Peru: El Maranon - the environment, communities and rivers be dammedPublished by MAC on 2013-09-10
Source: Latin America Bureau
Peru: El Marañón - the environment, communities and rivers be dammed
Luis Manuel Claps
Latin America Bureau - http://lab.org.uk/peru-el-maranon-the-environment-communities-and-rivers-be-damned
5 September 2013
A number of organisations held a meeting mid-August in Celendín, Cajamarca, in northern Peru to share strategies of resistance to the hydroelectric project Chadin II. In addition to the serious environmental and social impacts represented by damming the river Marañón, they claim that its purpose is to satisfy the energy demands of the huge Conga mining project. Luis Manuel Claps describes the meeting and its context for LAB. Scroll down for the Spanish original. English translation by LAB's Francis McDonagh.
Rain over the Marañón
On Saturday August 17 the Celendín Teachers Centre hosted the public forum ‘Hydro-electric Projects on the Marañón: Rivers, Life and Extractive Industries'. The organisers were Forum Solidaridad Peru), International Rivers, Grufides, the Plataforma Interinstitucional de Celendina-PIC and Rondas Campesinas. Among the speakers were several experts and representatives of the communities that might be affected. In the days leading up to the forum, a commission spent three days visiting the valleys and communities of middle Marañón that would be buried by the dam to provide information, have conversations, build relationships and promote joint actions to defend the river and its eco-systems.
On July 3rd the town of Celendín celebrated Celendín Dignity Day, and remembered Faustino, César, José and Eleuterio, who lost their lives in the repression mounted against the struggle in defence of water. Those responsible for these crimes have not been identified or brought to justice. A year later from the massive protests against the expansion of open pit gold mining in the watersheds, the Chadin II dam may well ignite a new environment conflict in the region. An on-line petition has been launched, seeking to collect 5,000 signatures in opposition to the Chadín II project. To sign it, click here.
The 600 MW Chadin II hydroelectric project is promoted by AC Energía SA, part of the Brazilian multinational group Odebrecht. It envisages the building of a 175-metre high dam that would form a 23-kilometre long lagoon on the Andean stretch of the river Marañón. The monetary cost is US$819 million, while the environmental and social costs could be much greater. It is estimated that the construction stage will require around 2,500 workers, but the operation and maintenance will not need more than forty.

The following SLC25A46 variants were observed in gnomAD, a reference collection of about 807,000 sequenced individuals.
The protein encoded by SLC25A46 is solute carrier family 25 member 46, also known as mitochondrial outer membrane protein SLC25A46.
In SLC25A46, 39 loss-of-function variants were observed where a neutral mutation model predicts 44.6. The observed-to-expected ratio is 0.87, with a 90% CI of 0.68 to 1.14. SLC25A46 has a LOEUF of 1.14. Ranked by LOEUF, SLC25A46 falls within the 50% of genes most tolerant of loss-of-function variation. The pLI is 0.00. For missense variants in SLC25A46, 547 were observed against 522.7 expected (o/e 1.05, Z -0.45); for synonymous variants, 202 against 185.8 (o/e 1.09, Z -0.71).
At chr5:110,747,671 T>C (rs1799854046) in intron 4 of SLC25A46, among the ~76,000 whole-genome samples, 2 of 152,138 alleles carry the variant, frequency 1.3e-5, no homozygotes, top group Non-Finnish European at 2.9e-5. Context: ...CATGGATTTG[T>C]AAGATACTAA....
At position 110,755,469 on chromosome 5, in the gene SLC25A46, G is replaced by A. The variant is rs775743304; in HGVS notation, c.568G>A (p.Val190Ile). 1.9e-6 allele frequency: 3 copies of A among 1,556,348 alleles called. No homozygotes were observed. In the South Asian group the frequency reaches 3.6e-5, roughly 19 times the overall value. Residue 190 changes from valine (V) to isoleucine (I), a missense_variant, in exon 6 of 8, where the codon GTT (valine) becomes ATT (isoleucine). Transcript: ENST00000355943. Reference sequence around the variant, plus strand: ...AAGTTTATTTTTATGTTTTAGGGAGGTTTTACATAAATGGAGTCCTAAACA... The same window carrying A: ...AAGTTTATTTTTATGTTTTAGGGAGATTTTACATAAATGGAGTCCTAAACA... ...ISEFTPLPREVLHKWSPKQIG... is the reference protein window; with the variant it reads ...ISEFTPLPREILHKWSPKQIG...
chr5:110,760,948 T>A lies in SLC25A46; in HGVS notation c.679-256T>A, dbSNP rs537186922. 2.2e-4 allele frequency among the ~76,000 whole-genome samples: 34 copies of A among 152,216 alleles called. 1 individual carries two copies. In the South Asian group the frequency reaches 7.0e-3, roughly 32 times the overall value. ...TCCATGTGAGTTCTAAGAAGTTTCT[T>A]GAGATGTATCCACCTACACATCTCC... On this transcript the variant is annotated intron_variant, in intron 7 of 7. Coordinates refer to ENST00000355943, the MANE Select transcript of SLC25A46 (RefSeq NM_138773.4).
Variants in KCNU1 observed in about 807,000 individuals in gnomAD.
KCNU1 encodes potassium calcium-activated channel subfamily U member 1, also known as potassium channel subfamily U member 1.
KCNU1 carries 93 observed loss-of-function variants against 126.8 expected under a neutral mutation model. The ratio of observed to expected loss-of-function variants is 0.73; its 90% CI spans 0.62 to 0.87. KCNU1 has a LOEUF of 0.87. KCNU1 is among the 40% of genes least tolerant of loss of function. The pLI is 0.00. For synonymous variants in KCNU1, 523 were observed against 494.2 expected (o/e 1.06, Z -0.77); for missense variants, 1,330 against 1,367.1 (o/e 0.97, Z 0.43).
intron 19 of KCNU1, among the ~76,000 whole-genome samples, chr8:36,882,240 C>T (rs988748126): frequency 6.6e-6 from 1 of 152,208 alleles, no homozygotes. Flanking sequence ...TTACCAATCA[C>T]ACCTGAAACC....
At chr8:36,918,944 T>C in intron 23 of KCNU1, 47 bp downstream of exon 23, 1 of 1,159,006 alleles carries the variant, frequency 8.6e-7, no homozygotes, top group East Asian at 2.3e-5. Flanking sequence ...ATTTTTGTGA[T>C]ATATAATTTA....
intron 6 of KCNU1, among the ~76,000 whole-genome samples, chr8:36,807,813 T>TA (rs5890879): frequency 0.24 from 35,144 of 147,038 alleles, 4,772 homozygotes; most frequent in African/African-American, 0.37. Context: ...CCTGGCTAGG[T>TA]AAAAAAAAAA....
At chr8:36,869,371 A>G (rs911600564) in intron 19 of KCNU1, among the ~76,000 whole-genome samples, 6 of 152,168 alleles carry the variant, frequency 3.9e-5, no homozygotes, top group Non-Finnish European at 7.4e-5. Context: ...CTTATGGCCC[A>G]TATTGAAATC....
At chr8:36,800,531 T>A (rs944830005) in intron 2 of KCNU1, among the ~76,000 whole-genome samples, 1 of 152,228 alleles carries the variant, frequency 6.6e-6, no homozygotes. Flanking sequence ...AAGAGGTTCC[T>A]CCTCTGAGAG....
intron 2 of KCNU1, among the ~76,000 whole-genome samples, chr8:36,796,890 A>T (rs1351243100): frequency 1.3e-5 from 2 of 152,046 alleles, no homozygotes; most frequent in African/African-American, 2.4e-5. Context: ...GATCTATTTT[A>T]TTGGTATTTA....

The dam would submerge 21 communities, including El Inca, El Mango, El Paraíso, Santa Rosa, Montegrande, Salazar, Nueva Rioja, El Cura, Saquilillo, Mapish, San Francisco, Libián, Tupén and Mendán. The main economic activity of the area is agriculture, and among the most profitable the crops are coca leaf and fruits such as papayas, bananas, oranges, lemons, mangoes and cherries. In a statement issued in July 2013, local organisations objected: ‘Peruvian laws and international agreements cannot be tossed aside, nor can the rights of the residents of the provinces of Celendín in Cajamarca, or Luya and Chachapoyas in Amazonas be disregarded, since they are the descendants of the original peoples, the Chachapoyas, Caxamarcas and Coremarcas.'
In the executive summary of the project's Environmental Impact Assessment (EIA), which is currently coming up for approval, AC Energía proposes ‘individual transactions' with the owners of properties that would be submerged, without the intervention of the state or intermediary organisations. The EIA does not recognise the existence of indigenous peoples.
The Conga project is located around 73 km northeast of the city of Cajamarca, in the districts of Sorochuco and Huasmín in the province of Celendín and La Encañada in the province of Cajamarca. It proposes to dig the Chailhuagón and Perol pits and at least two other additional areas, Amaro and La Carpa. A plant with the capacity to process 92,000 tonnes of rock a day would produce 3.1 billion pounds of copper and 11.6 million ounces of gold in 20 years. The mineral content is very low: each tonne contains less than 1 gm of gold and 0.2% of copper. The people have a live example of the devastation that will come from Conga. In Cajamarca, for the past 19 years the same mining company has been operating Yanacocha, the largest open pit goldmine in South America.